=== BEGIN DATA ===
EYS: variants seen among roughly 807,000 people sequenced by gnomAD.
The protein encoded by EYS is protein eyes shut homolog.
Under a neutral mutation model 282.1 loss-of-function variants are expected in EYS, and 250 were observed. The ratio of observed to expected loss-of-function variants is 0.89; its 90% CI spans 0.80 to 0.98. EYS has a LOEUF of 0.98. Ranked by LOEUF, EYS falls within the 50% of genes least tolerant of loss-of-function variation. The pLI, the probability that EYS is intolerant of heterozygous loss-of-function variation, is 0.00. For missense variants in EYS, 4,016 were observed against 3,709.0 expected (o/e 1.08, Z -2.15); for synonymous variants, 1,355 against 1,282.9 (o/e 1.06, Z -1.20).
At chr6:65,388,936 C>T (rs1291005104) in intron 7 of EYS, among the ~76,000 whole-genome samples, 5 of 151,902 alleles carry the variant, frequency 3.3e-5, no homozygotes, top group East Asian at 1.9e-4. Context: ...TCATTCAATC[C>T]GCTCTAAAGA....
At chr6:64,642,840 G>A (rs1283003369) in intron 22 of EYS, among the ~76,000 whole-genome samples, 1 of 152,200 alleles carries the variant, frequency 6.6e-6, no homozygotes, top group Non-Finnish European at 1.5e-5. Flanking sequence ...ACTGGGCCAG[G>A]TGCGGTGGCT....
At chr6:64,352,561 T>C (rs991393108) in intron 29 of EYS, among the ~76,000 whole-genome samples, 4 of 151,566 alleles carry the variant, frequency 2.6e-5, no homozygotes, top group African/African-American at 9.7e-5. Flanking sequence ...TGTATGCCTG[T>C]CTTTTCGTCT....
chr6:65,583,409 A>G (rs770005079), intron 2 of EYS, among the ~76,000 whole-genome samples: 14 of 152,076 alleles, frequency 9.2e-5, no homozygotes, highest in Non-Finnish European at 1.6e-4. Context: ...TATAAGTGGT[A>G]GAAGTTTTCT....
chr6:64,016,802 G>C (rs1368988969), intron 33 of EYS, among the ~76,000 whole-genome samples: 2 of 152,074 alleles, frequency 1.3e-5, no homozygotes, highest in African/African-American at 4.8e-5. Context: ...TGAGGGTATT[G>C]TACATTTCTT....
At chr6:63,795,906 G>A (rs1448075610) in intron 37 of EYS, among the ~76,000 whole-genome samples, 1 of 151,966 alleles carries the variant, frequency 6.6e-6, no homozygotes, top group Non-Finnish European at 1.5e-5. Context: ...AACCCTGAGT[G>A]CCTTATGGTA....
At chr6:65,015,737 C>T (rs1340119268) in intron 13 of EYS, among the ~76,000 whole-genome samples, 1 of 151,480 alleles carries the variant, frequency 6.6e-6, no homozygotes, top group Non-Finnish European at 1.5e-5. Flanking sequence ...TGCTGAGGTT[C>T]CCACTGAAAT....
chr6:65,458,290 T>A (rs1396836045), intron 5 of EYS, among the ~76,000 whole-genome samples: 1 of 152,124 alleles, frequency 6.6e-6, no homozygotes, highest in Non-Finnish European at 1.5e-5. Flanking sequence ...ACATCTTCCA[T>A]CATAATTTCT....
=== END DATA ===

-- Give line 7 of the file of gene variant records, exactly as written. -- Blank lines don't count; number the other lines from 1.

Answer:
chr6:65,583,409 A>G (rs770005079), intron 2 of EYS, among the ~76,000 whole-genome samples: 14 of 152,076 alleles, frequency 9.2e-5, no homozygotes, highest in Non-Finnish European at 1.6e-4. Context: ...TATAAGTGGT[A>G]GAAGTTTTCT....